Same-sex marriage supporters want to move quickly on a bill

by T.W. Budig
ECM Capitol reporter

Supporters of legalizing same-sex marriage hope to speedily pass legislation in the first weeks of the upcoming legislative session.

That is, they hope to send a bill to Democratic Gov. Mark Dayton’s desk prior to the release of February budget forecast.

“This kind of closes the loop of the election,” said Rep. Alice Hausman, DFL-St. Paul, who looks to carry same-sex marriage legislation in the House.

Hausman, like Sen. John Marty, DFL-Roseville, who plans to carry a same-sex marriage bill in the Senate, points to the failure of the Republican-sponsored marriage amendment last election as evidence of the state reaching a consensus on same-sex marriage.

Sen. John Marty, DFL-Roseville, will be carrying same-sex marriage legislation this coming legislative session. The session begins on Jan. 8 at noon. (Photo by T.W. Budig)


A conversation has taken place, they argue.

“To me, I think the time has come,” said Marty, who has sponsored same-sex marriage bills in the past.

Hausman and Marty argue passage of same-sex marriage legislation needn’t be time consuming nor distract from the mission of setting the state budget.

Marty speaks of a two-hour debate in the Senate Judiciary Committee and an up or down vote.

Hausman is a bit more cautious, saying the number of committees a same-sex marriage bill might need to clear in the House depends on its legal implications and the desire of House leadership.

But she also looks to passing a bill before the final state budget numbers come out in the forecast.

Democrats control the legislature.

Dayton has long indicated his support for same-sex marriage, ceremonially vetoing the proposed marriage amendment when passed by the Republican-controlled legislature last session.

If lawmakers take their cue from voters in their districts, passage of the same-sex marriage legislation will be bipartisan, Hausman argues.

That’s because the amendment failed in about 20 districts that elected Republican House members, she said.

“It’s bipartisan,” she said of the perceived support.

Marty and Hausman stress passage of same-sex marriage legislation — Marty speaks of gender-neutral marriage law — would not require churches to marry same-sex couples.

“No church will be forced to marry (same-sex couples) if they don’t want to,” Marty said.

But because the Catholic Church, for instance, might debate same-sex marriage for decades, that shouldn’t prevent the state from taking action now, Marty said.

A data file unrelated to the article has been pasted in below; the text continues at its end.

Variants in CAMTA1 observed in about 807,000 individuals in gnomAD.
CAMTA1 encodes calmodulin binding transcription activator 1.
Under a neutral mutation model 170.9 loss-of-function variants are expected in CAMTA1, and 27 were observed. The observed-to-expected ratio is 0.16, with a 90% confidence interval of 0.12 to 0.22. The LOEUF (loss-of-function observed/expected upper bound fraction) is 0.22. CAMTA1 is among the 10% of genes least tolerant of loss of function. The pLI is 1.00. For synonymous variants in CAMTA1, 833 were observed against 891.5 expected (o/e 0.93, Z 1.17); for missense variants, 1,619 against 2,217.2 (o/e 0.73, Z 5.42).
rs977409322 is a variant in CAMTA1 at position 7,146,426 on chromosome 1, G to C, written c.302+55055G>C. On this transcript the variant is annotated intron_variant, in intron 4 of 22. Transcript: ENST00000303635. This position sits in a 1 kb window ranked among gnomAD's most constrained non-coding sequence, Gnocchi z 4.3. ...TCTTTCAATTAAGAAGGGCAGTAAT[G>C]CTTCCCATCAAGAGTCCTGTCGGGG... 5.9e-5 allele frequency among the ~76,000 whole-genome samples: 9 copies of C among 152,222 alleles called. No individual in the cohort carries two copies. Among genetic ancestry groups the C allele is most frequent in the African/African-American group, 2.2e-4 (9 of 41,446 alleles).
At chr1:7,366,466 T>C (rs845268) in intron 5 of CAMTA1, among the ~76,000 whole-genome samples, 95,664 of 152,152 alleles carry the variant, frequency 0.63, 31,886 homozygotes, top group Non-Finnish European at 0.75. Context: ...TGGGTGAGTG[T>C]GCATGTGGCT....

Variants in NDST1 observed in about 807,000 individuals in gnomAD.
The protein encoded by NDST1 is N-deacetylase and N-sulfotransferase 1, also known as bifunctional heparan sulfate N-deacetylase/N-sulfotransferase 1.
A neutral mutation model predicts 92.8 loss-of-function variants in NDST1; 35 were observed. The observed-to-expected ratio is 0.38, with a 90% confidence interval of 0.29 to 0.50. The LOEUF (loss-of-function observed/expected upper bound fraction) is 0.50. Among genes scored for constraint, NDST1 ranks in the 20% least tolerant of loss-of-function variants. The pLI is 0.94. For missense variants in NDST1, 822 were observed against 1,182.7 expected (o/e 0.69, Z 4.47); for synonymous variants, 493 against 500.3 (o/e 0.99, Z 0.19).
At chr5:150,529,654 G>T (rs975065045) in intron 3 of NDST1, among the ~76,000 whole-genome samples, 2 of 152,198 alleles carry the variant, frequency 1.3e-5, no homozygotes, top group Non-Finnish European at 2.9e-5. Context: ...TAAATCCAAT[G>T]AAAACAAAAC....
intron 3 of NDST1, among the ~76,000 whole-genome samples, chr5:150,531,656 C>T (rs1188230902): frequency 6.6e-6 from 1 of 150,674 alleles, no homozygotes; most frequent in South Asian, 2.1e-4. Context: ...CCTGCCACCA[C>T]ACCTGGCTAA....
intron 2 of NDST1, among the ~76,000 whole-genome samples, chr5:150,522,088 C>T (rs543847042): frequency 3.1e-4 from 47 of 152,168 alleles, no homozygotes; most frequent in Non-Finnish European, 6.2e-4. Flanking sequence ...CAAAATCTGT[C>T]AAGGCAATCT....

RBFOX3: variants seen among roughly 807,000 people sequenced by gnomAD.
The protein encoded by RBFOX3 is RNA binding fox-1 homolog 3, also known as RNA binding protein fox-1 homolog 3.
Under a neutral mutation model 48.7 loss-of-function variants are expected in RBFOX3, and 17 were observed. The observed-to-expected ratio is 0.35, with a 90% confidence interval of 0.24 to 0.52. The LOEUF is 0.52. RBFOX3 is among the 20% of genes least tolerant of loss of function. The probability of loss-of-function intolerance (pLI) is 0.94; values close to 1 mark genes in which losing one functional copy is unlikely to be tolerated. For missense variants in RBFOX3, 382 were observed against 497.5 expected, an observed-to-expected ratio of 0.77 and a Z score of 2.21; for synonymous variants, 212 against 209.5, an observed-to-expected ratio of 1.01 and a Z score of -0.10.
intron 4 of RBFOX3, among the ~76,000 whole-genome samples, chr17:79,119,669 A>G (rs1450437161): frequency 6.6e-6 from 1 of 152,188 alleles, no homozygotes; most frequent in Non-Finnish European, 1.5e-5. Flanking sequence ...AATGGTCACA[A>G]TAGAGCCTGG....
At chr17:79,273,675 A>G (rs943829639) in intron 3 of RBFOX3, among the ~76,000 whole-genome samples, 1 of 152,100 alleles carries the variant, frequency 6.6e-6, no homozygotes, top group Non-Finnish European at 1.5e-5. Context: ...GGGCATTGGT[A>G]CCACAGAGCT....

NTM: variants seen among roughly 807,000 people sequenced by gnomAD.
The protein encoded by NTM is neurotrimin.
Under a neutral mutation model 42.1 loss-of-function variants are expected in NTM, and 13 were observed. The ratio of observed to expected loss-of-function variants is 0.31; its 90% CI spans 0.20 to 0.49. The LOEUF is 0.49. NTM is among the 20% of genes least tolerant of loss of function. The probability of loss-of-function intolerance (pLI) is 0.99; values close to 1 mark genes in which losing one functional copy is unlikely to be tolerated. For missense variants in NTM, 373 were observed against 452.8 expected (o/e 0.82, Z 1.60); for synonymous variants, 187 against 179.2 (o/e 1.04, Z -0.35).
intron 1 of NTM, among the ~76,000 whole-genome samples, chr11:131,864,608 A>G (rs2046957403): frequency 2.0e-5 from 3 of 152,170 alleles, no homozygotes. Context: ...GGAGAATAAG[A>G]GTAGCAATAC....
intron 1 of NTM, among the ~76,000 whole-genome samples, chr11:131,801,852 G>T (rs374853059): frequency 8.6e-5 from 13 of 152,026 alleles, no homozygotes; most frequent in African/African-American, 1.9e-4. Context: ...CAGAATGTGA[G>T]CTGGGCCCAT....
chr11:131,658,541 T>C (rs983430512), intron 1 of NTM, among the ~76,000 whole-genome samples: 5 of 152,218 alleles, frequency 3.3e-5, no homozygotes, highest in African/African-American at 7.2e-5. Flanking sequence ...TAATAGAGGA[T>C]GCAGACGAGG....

But Marty’s and Hausman’s views do not perfectly fit those expressed by DFL legislative leaders.

Senate Majority Leader-designate Tom Bakk, DFL-Cook, anticipates that same-sex marriage legislation will be introduced.

“But I think the more pressing thing probably this session is the budget,” Bakk said.

“I still think we need to have a pretty significant conversation around the state on that (same-sex marriage) subject,” he said.

House Minority Leader Kurt Daudt, R-Crown, said his caucus hadn’t yet discussed anticipated same-sex marriage bills.

By bringing the issue up, Democrats are contradicting themselves, Daudt argued.

“What the DFL’s message (in the election) was, is that we shouldn’t be focused on divisive social issues,” he said.

Rather, lawmakers should focus on budgetary matters.

“It’s interesting how roles have switched,” Daudt said.

House Republicans thought long and hard about proposing the marriage amendment, Daudt explained.

And they will debate the issue seriously again, he said.

“These are complex issues that affect people’s lives,” Daudt said.

“I don’t think anybody takes them lightly on either side of the aisle,” he said.

Although not specifically speaking on same-sex marriage, Senate Minority Leader David Hann, R-Eden Prairie, recently indicated that he did not support extending state employee benefits to same-sex partners.

About 1.4 million Minnesotans voted “Yes” on the marriage amendment defining marriage as between man and woman, with about 1.5 million voting “No.”

About 40,000 voters left the amendment ballot question blank, an omission or decision that automatically translated into a “No” vote.

The marriage amendment was approved by voters in Anoka, Carver, Chisago, Houston, Isanti, Mille Lacs, Morrison, Sherburne, and Wright counties.

It failed in Dakota, Hennepin, Scott, Ramsey and Washington counties.

 

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